IRS improves Online Payment Agreement application
The Internal Revenue Service has introduced several new features to the interactive Online Payment Agreement application which will make it easier for taxpayers and their authorized representatives to make changes to existing installment agreements.
The system will now permit:
Individuals to revise their payment due dates and/or amounts on existing agreements.
Individuals to revise existing extensions to regular installment agreements and direct debit installment agreements.
Individuals to revise existing regular installment agreements to a payroll deduction installment agreement or a direct debit installment agreement.
Practitioners with valid authorizations to use the signature date found on their approved Form 2848, Power of Attorney and Declaration of Representative, or the caller ID as an alternate way to authenticate when requesting agreements for clients.
More than 75 percent of those eligible for an installment agreement can establish one using the online application, according to the IRS. Since launching in October 2006, more than 30,000 taxpayers have successfully used it to set up a payment agreement.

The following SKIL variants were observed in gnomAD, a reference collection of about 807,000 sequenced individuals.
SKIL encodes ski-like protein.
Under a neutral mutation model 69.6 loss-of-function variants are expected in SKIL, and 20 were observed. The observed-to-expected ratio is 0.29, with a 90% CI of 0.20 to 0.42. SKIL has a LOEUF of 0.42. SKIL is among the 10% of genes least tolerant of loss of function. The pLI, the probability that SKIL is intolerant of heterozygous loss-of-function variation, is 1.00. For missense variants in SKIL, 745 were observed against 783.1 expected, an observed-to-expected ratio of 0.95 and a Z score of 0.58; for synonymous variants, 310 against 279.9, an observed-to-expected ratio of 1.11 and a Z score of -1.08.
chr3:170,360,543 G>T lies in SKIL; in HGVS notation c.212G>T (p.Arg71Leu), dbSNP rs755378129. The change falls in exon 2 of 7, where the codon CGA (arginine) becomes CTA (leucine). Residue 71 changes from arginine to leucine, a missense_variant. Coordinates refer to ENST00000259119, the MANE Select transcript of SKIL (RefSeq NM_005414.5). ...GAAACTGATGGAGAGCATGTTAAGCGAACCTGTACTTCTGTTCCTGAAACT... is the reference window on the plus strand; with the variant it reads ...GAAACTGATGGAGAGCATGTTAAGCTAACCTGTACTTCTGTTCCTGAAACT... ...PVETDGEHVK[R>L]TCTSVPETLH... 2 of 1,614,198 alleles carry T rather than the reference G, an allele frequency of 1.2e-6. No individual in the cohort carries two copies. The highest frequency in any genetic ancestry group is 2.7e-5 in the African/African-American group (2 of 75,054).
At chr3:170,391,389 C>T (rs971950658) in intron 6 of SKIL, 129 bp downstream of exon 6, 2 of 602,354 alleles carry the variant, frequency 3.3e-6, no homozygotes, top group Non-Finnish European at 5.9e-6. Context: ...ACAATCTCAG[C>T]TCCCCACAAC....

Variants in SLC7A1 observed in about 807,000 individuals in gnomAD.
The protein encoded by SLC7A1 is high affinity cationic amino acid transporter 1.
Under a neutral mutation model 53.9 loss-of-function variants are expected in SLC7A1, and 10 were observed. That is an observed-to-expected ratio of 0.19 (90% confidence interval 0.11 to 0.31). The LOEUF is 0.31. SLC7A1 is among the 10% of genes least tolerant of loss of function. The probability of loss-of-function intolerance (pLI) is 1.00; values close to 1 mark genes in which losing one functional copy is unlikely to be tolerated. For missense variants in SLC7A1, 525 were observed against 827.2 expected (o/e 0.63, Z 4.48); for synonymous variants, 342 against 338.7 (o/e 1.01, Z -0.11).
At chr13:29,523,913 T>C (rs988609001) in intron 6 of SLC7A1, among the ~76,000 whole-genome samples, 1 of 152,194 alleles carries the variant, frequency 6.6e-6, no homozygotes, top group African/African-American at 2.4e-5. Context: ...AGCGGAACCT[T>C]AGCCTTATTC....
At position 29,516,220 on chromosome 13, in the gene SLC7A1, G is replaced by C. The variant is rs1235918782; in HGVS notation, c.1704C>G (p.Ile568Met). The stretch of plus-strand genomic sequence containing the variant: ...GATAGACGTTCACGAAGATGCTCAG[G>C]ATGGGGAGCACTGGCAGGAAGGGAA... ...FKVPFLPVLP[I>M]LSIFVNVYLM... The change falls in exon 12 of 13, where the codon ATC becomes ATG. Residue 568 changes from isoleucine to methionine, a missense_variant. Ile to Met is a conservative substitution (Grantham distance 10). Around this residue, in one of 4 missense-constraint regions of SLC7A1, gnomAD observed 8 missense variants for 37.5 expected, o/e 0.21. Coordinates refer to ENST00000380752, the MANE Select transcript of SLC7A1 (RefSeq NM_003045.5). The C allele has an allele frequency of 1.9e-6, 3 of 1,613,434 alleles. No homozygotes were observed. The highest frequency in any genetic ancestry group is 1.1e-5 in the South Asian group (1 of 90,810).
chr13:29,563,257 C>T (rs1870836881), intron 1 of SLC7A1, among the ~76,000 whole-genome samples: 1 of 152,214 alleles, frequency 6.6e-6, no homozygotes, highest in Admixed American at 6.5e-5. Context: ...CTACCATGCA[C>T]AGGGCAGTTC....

Eligible taxpayers who owe $25,000 or less in combined tax, penalties, and interest can self-qualify, apply, and receive immediate notification of approval for installment agreements – including pre-assessed agreements on tax year 2007 Form 1040 liabilities and paperless direct debit agreements.
Paying taxes on time and in full avoids unnecessary penalties and interest. However, taxpayers who cannot pay in full may request a payment agreement. To be eligible, a taxpayer must first file all required tax returns and be current with estimated tax payments, if applicable.
Voice of the Editor
Which isn’t completely true. I mean, occasionally I drop by when I manage to sneak out of the nonstop frat party over at Going Concern, but I’m mostly a wallflower over there. I’m happy to say that I’ve been given express permission (or explicit orders, if you like) to wander over here to AccountingWEB more often.
Why is that, you might ask? My job is to replace the irreplaceable Gail Perry as Editor-in-Chief. What does that mean? I don’t really know! I think it’ll be fun getting a feel for things, throwing in my own thoughts here and there, and listening to the discussions you’re having about the accounting profession.